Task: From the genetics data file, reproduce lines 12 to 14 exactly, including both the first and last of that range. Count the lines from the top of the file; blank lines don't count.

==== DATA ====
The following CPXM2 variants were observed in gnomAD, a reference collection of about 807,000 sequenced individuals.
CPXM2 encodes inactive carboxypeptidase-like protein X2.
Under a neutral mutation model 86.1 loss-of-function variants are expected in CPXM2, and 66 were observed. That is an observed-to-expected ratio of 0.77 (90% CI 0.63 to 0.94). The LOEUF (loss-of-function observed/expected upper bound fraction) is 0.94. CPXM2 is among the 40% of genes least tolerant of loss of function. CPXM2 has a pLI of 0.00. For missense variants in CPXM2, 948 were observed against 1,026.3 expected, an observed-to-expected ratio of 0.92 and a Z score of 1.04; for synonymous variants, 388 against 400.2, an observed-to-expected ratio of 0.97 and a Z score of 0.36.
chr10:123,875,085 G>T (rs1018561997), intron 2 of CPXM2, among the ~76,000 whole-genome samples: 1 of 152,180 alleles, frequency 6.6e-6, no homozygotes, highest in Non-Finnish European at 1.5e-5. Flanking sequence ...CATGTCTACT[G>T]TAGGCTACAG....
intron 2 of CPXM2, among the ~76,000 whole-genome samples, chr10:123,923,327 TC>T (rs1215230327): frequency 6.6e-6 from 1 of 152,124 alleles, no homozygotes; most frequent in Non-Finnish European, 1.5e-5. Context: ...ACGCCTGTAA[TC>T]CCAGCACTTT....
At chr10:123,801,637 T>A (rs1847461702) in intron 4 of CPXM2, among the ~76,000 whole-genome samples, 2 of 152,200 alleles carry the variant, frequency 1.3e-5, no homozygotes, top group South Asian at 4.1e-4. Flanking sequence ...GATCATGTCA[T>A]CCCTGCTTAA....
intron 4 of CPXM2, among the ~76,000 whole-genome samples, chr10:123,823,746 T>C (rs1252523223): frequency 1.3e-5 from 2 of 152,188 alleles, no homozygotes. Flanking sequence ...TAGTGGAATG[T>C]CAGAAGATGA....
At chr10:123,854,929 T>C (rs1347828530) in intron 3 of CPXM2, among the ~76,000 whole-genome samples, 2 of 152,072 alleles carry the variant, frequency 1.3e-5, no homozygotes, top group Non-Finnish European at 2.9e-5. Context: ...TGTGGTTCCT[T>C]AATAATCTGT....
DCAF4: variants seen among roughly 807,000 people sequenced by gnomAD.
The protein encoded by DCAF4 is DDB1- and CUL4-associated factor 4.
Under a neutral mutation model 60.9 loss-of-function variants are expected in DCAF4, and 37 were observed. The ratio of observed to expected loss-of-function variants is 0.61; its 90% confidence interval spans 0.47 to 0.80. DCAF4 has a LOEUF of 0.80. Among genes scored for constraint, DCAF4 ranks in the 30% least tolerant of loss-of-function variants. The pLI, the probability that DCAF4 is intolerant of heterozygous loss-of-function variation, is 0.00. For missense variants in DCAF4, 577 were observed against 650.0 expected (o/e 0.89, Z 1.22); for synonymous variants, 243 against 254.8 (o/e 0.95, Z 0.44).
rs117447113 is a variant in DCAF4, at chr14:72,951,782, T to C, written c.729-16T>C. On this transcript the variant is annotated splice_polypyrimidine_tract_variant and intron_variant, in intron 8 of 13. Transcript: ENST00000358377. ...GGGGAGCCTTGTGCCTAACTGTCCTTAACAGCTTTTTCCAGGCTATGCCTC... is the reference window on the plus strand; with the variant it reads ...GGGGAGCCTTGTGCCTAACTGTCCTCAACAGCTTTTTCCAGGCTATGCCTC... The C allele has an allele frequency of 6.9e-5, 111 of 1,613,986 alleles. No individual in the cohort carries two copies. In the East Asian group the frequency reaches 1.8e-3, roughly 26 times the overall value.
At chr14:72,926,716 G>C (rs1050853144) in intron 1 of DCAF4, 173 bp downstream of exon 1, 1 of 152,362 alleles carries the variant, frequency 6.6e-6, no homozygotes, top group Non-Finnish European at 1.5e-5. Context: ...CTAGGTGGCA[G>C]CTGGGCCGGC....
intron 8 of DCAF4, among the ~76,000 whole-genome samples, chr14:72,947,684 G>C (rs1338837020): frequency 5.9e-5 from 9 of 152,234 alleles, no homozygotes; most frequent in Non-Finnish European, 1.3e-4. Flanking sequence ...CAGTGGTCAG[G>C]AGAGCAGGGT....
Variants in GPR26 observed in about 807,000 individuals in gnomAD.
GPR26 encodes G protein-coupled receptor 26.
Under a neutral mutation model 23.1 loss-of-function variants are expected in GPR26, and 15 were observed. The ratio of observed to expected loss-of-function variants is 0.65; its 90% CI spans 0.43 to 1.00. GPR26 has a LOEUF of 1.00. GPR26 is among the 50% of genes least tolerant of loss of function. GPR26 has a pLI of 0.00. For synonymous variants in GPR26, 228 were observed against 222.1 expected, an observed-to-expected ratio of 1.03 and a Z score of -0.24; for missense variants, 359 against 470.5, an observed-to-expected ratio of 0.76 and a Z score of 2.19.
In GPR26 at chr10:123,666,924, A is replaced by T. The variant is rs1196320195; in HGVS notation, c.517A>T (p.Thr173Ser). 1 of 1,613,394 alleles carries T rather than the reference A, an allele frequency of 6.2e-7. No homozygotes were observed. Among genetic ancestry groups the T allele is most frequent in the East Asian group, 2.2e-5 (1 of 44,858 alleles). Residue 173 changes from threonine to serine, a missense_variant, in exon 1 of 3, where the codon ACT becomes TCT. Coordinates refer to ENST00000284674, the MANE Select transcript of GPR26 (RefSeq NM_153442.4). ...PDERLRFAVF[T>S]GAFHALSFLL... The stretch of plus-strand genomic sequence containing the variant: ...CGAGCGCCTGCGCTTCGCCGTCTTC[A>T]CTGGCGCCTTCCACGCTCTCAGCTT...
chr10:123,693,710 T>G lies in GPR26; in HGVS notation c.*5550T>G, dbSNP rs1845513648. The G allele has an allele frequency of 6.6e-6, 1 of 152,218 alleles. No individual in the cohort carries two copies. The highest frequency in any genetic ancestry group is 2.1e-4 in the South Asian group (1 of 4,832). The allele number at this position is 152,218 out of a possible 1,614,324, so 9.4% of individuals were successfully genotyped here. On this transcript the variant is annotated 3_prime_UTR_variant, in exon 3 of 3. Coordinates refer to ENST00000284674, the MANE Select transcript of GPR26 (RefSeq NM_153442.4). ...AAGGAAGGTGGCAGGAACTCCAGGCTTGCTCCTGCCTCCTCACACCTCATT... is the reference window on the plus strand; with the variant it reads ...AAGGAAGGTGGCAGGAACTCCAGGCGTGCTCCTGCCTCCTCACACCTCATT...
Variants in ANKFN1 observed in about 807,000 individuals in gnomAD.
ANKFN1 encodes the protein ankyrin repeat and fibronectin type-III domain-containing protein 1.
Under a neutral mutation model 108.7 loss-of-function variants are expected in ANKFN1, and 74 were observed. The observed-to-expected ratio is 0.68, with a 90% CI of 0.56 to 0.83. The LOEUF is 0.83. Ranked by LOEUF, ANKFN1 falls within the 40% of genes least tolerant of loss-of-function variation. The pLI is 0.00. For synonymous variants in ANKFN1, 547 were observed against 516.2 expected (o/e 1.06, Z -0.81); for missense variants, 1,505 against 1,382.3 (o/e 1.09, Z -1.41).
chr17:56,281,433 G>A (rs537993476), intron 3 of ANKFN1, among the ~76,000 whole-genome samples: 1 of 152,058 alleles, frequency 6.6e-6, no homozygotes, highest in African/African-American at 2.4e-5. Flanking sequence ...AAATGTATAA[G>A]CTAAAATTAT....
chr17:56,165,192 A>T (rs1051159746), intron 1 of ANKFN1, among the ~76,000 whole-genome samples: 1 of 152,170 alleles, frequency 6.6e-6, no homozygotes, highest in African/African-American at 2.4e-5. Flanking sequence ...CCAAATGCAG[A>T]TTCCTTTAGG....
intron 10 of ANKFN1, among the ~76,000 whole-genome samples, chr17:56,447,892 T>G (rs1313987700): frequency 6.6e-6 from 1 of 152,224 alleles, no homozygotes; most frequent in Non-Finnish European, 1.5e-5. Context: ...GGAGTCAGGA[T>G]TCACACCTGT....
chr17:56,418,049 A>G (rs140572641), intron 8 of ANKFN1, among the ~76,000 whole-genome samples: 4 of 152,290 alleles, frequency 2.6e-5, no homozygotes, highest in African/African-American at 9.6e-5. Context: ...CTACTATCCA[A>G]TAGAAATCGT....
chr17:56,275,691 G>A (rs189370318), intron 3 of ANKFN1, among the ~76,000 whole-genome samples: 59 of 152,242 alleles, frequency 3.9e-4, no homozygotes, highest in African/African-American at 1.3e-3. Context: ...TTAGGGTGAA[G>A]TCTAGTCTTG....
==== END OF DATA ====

rs117447113 is a variant in DCAF4, at chr14:72,951,782, T to C, written c.729-16T>C. On this transcript the variant is annotated splice_polypyrimidine_tract_variant and intron_variant, in intron 8 of 13. Transcript: ENST00000358377. ...GGGGAGCCTTGTGCCTAACTGTCCTTAACAGCTTTTTCCAGGCTATGCCTC... is the reference window on the plus strand; with the variant it reads ...GGGGAGCCTTGTGCCTAACTGTCCTCAACAGCTTTTTCCAGGCTATGCCTC... The C allele has an allele frequency of 6.9e-5, 111 of 1,613,986 alleles. No individual in the cohort carries two copies. In the East Asian group the frequency reaches 1.8e-3, roughly 26 times the overall value.
At chr14:72,926,716 G>C (rs1050853144) in intron 1 of DCAF4, 173 bp downstream of exon 1, 1 of 152,362 alleles carries the variant, frequency 6.6e-6, no homozygotes, top group Non-Finnish European at 1.5e-5. Context: ...CTAGGTGGCA[G>C]CTGGGCCGGC....
intron 8 of DCAF4, among the ~76,000 whole-genome samples, chr14:72,947,684 G>C (rs1338837020): frequency 5.9e-5 from 9 of 152,234 alleles, no homozygotes; most frequent in Non-Finnish European, 1.3e-4. Flanking sequence ...CAGTGGTCAG[G>C]AGAGCAGGGT....